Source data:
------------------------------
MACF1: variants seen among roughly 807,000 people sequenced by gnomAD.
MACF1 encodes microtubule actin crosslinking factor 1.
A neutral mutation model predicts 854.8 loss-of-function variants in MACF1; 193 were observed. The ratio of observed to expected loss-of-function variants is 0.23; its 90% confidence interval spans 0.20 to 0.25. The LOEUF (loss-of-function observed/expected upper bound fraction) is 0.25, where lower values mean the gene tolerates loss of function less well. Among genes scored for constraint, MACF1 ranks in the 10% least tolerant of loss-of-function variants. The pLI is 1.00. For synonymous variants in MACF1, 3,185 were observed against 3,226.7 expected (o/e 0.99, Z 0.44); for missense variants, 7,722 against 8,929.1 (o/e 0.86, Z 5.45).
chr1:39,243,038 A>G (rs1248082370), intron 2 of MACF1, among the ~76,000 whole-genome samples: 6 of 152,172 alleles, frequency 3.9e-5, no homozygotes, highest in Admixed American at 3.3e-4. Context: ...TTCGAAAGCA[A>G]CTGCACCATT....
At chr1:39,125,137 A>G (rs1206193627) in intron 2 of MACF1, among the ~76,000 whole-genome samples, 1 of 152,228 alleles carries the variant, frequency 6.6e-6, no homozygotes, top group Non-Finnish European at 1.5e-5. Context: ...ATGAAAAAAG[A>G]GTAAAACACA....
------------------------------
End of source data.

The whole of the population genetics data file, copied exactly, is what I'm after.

MACF1: variants seen among roughly 807,000 people sequenced by gnomAD.
MACF1 encodes microtubule actin crosslinking factor 1.
A neutral mutation model predicts 854.8 loss-of-function variants in MACF1; 193 were observed. The ratio of observed to expected loss-of-function variants is 0.23; its 90% confidence interval spans 0.20 to 0.25. The LOEUF (loss-of-function observed/expected upper bound fraction) is 0.25, where lower values mean the gene tolerates loss of function less well. Among genes scored for constraint, MACF1 ranks in the 10% least tolerant of loss-of-function variants. The pLI is 1.00. For synonymous variants in MACF1, 3,185 were observed against 3,226.7 expected (o/e 0.99, Z 0.44); for missense variants, 7,722 against 8,929.1 (o/e 0.86, Z 5.45).
chr1:39,243,038 A>G (rs1248082370), intron 2 of MACF1, among the ~76,000 whole-genome samples: 6 of 152,172 alleles, frequency 3.9e-5, no homozygotes, highest in Admixed American at 3.3e-4. Context: ...TTCGAAAGCA[A>G]CTGCACCATT....
At chr1:39,125,137 A>G (rs1206193627) in intron 2 of MACF1, among the ~76,000 whole-genome samples, 1 of 152,228 alleles carries the variant, frequency 6.6e-6, no homozygotes, top group Non-Finnish European at 1.5e-5. Context: ...ATGAAAAAAG[A>G]GTAAAACACA....